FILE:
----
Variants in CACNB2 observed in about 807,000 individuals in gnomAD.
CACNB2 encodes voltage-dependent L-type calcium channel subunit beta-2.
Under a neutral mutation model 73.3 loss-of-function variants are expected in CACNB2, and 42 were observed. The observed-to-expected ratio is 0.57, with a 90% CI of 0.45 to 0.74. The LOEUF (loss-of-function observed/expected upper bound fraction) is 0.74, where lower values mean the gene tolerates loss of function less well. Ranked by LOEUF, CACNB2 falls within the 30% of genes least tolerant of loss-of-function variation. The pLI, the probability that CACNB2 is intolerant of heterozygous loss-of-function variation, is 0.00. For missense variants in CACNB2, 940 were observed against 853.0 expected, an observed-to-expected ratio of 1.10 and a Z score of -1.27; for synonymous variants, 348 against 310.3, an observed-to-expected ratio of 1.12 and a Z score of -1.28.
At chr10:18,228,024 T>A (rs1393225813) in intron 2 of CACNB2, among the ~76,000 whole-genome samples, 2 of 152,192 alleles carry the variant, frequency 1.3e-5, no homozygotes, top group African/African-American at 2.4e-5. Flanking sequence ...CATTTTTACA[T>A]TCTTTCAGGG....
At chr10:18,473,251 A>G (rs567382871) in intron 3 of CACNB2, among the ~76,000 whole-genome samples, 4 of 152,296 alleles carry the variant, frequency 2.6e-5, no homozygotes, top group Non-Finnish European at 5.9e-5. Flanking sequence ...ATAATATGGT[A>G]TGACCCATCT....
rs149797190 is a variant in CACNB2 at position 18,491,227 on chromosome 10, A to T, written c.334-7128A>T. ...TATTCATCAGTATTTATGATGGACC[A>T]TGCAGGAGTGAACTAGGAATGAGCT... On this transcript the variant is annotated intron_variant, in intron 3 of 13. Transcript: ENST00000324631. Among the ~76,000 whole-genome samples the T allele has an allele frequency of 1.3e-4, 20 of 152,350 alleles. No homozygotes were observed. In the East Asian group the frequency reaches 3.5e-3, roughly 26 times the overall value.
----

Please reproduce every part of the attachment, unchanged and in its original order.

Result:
Variants in CACNB2 observed in about 807,000 individuals in gnomAD.
CACNB2 encodes voltage-dependent L-type calcium channel subunit beta-2.
Under a neutral mutation model 73.3 loss-of-function variants are expected in CACNB2, and 42 were observed. The observed-to-expected ratio is 0.57, with a 90% CI of 0.45 to 0.74. The LOEUF (loss-of-function observed/expected upper bound fraction) is 0.74, where lower values mean the gene tolerates loss of function less well. Ranked by LOEUF, CACNB2 falls within the 30% of genes least tolerant of loss-of-function variation. The pLI, the probability that CACNB2 is intolerant of heterozygous loss-of-function variation, is 0.00. For missense variants in CACNB2, 940 were observed against 853.0 expected, an observed-to-expected ratio of 1.10 and a Z score of -1.27; for synonymous variants, 348 against 310.3, an observed-to-expected ratio of 1.12 and a Z score of -1.28.
At chr10:18,228,024 T>A (rs1393225813) in intron 2 of CACNB2, among the ~76,000 whole-genome samples, 2 of 152,192 alleles carry the variant, frequency 1.3e-5, no homozygotes, top group African/African-American at 2.4e-5. Flanking sequence ...CATTTTTACA[T>A]TCTTTCAGGG....
At chr10:18,473,251 A>G (rs567382871) in intron 3 of CACNB2, among the ~76,000 whole-genome samples, 4 of 152,296 alleles carry the variant, frequency 2.6e-5, no homozygotes, top group Non-Finnish European at 5.9e-5. Flanking sequence ...ATAATATGGT[A>G]TGACCCATCT....
rs149797190 is a variant in CACNB2 at position 18,491,227 on chromosome 10, A to T, written c.334-7128A>T. ...TATTCATCAGTATTTATGATGGACC[A>T]TGCAGGAGTGAACTAGGAATGAGCT... On this transcript the variant is annotated intron_variant, in intron 3 of 13. Transcript: ENST00000324631. Among the ~76,000 whole-genome samples the T allele has an allele frequency of 1.3e-4, 20 of 152,350 alleles. No homozygotes were observed. In the East Asian group the frequency reaches 3.5e-3, roughly 26 times the overall value.